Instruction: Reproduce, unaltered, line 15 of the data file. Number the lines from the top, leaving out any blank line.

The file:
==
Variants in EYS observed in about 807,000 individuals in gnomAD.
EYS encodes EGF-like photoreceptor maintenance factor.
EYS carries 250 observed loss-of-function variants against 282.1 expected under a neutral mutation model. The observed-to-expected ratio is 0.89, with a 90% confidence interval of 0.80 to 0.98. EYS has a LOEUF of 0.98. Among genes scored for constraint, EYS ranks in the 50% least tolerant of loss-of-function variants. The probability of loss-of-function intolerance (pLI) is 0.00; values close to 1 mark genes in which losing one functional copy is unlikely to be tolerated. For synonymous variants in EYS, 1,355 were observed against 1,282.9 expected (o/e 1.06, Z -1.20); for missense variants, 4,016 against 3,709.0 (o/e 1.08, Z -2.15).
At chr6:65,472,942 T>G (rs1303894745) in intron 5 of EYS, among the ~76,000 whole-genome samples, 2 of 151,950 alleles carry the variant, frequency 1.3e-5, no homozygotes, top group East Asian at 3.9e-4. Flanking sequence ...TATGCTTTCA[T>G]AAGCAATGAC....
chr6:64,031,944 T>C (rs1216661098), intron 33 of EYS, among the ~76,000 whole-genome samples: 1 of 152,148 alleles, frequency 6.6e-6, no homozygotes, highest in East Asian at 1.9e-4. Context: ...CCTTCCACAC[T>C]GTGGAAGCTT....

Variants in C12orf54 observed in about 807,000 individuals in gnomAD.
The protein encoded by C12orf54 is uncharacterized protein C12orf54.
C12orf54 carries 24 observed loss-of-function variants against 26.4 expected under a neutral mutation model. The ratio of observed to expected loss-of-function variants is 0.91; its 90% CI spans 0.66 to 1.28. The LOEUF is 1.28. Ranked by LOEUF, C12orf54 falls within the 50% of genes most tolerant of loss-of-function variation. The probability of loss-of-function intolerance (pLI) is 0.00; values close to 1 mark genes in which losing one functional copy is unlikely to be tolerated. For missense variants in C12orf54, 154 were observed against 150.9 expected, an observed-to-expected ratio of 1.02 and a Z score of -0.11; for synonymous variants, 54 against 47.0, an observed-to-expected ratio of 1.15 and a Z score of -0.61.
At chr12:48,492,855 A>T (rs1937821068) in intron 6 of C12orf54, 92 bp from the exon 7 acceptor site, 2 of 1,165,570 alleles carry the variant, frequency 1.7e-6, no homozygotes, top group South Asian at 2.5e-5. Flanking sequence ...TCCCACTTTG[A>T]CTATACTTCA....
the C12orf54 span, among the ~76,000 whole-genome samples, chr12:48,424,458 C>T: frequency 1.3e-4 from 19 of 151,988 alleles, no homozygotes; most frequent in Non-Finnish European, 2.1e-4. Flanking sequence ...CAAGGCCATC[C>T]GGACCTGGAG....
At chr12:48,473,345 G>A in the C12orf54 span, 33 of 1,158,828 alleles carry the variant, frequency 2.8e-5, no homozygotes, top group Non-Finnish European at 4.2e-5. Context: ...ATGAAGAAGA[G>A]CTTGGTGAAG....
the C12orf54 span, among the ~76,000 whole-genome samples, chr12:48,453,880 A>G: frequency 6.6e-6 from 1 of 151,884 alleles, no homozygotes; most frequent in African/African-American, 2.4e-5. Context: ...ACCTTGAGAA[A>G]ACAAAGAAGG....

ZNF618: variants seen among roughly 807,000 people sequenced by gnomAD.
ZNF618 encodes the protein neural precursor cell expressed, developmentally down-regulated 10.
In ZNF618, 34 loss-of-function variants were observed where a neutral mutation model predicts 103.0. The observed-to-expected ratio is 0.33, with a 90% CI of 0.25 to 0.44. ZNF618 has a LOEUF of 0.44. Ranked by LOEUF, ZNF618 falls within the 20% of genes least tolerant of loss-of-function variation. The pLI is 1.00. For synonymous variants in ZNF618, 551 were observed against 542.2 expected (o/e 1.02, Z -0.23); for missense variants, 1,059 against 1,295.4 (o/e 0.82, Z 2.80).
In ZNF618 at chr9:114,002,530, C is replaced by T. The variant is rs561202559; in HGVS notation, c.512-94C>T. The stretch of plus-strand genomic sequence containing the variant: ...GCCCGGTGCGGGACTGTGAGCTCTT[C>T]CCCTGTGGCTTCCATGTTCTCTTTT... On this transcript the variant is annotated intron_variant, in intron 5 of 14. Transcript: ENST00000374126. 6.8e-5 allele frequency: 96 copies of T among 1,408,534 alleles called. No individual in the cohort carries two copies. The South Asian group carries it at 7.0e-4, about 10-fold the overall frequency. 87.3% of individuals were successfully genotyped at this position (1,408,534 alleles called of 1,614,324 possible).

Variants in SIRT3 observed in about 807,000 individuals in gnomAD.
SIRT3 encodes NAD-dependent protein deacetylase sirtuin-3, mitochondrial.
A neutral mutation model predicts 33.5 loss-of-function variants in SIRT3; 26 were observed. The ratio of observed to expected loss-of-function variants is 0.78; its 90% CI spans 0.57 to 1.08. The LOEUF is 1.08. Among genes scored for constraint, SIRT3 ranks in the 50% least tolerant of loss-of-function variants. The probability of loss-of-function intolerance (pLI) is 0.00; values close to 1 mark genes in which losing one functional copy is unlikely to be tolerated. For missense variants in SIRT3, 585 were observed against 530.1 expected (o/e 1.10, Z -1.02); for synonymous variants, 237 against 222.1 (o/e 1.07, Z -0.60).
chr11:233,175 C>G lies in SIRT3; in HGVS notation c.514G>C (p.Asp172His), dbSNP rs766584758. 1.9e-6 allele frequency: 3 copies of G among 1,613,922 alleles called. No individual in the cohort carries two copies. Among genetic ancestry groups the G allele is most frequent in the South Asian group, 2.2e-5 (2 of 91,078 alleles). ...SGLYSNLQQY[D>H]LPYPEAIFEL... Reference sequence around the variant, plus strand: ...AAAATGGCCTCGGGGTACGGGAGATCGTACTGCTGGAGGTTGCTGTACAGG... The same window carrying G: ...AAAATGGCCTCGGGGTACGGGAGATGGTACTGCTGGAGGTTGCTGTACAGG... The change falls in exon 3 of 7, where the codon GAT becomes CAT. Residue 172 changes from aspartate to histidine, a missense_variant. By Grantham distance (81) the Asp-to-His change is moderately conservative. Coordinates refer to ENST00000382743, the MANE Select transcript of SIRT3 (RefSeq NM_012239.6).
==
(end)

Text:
In ZNF618, 34 loss-of-function variants were observed where a neutral mutation model predicts 103.0. The observed-to-expected ratio is 0.33, with a 90% CI of 0.25 to 0.44. ZNF618 has a LOEUF of 0.44. Ranked by LOEUF, ZNF618 falls within the 20% of genes least tolerant of loss-of-function variation. The pLI is 1.00. For synonymous variants in ZNF618, 551 were observed against 542.2 expected (o/e 1.02, Z -0.23); for missense variants, 1,059 against 1,295.4 (o/e 0.82, Z 2.80).